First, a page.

With the recent killing of Tyre Nichols in Memphis, it has caused us to again reexamine the structural bias and racism present in policing and other institutions. Structural racism involves a system where policies and practices, cultural representations, and norms work to perpetuate inequities among racial groups. Structural racism affects all aspects of life for people of color, and it exists in a variety of institutions in the United States, such as policing and law enforcement, education, politics, and especially health care.
The Cancer Letter invited Otis Brawley, a Medical oncologist, and Rob Winn, Director of the Massey Cancer Center at Virginia Commonwealth University to have a chat on structural biases and racism in law enforcement and health care. Brawley and Winn stated the importance of “physicians and public health professionals, as individuals in positions of power, to reflect on the problems in policing in America, and identify areas where these problems are also present in health care.”
Winn discusses the importance of understanding the structures that can perpetuate inequalities. He says, “Recognizing that structure matters. And as we get adequate care, we also have to account for the structures that are sometimes even creating and contributing to the disease.”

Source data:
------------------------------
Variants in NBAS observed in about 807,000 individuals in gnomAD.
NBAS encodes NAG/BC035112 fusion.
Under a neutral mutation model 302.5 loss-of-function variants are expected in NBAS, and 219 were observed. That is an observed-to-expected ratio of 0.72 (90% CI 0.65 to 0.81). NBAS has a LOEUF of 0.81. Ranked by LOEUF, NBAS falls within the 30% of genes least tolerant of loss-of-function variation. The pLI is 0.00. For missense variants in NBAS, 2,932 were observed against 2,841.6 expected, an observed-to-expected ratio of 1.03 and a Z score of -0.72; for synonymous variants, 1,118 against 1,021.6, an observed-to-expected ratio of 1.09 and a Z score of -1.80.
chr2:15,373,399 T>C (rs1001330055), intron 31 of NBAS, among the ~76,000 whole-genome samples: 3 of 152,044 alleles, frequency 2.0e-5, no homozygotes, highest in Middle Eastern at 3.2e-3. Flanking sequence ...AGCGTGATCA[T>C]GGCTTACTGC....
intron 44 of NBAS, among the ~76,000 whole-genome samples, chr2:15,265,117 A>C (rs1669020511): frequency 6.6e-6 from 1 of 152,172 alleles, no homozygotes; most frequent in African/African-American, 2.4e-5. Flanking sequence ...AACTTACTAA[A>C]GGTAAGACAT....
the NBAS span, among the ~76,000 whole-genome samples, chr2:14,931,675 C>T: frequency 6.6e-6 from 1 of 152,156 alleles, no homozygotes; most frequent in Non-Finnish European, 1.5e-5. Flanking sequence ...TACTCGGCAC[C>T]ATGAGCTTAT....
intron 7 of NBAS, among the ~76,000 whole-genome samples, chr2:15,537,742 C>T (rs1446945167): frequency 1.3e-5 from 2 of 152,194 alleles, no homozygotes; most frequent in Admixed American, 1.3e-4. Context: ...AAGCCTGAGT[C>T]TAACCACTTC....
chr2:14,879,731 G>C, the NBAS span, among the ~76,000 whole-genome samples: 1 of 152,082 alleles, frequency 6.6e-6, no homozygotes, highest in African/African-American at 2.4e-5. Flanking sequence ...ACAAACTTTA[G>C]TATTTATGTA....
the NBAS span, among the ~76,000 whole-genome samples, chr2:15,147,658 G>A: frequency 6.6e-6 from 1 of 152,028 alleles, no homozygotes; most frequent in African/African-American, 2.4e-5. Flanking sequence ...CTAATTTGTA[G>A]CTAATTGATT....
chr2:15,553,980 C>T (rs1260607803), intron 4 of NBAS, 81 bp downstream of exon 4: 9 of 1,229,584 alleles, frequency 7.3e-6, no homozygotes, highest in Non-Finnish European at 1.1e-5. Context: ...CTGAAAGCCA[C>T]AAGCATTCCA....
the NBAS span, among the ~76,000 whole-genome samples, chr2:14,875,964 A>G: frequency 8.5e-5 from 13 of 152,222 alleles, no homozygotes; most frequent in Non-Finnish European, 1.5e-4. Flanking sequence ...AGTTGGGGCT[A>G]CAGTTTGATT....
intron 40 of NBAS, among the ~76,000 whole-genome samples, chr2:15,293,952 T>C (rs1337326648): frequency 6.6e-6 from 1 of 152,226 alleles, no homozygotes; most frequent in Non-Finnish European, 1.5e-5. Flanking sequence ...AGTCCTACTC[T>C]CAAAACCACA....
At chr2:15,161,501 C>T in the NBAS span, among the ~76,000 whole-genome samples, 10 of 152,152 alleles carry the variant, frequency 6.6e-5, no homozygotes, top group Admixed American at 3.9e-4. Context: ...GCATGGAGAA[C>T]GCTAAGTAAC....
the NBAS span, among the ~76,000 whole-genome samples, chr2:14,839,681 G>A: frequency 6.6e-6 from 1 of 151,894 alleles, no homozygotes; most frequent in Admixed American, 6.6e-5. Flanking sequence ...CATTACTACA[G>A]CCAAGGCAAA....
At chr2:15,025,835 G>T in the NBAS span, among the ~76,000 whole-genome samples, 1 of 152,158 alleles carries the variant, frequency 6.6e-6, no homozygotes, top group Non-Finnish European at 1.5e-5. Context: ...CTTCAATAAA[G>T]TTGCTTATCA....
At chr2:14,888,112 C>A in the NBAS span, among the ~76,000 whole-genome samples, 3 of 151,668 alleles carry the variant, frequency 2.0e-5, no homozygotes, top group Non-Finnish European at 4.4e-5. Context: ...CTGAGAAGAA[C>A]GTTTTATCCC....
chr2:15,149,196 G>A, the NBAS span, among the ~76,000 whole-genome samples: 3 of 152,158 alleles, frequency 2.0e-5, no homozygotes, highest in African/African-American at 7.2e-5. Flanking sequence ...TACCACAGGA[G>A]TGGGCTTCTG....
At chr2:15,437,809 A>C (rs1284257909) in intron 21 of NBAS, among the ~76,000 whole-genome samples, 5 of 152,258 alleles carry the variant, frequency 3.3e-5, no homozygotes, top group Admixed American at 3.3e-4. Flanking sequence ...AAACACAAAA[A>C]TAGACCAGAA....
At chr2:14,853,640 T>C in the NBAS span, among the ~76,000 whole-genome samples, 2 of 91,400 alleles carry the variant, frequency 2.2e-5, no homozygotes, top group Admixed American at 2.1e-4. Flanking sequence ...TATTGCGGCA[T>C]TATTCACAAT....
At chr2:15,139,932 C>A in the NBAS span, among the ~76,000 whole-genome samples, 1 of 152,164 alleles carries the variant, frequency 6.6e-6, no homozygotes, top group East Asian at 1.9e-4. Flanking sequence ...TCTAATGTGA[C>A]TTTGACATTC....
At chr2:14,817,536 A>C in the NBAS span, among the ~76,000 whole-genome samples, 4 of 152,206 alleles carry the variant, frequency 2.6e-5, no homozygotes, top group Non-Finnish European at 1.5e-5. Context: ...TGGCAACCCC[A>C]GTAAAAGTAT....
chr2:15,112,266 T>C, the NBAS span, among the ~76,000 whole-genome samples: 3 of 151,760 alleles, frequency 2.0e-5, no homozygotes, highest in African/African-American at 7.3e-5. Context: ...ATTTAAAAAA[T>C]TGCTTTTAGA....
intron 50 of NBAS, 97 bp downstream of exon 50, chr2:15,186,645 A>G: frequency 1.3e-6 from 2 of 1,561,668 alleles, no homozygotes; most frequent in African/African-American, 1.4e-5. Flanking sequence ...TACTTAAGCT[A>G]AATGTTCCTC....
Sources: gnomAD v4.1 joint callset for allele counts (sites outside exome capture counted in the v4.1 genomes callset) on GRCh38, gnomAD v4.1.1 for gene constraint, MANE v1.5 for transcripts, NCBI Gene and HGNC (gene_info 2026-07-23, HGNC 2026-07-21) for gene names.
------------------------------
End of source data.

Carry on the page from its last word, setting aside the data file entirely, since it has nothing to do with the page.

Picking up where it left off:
During their chat, they discuss ways to combat implicit bias and structural racism. Brawley says, “I think the way to overcome implicit bias—and all of us have it—is to realize that these disparities exist, number one.” For Brawley, “The way to fight it is to first be cognizant of it, and then be able to hopefully develop these conversations where policies will help us get through this that don’t exist today. Hopefully with some thoughtfulness and some action, we can do better.”
It becomes important to pay attention to these issues in society particularly in health care, and continuing these conversations around structural bias and racism present in American institutions is crucial. Since structural racism is embedded in many institutions, it will take commitment and effort to dismantle. Understanding our own biases and working to overcome them is a first step.
On May 25, 2020, George Floyd said “I can’t breathe” more than 20 times before he suffocated on a street in Minneapolis. On Jan. 7, 2023, Tyre Nichols repeatedly screamed, “Mom, mom, mom” as he was beaten to death on a street in Memphis.
Both were Black men. Both died at the hands of police officers wielding the power of life and death.
“This is like déjà vu all over again. That’s only two years ago,” said Robert Winn, director and Lipman Chair in Oncology at the Virginia Commonwealth University Massey Cancer Center, a professor of pulmonary disease and critical care medicine at the VCU School of Medicine, and the guest editor of The Cancer Letter during February, Black History Month.
“It’s a cultural problem. It’s some kind of bias. It’s a disrespect,” said Otis Brawley, Bloomberg Distinguished Professor of Oncology and Epidemiology at Johns Hopkins University, and co-editor of...
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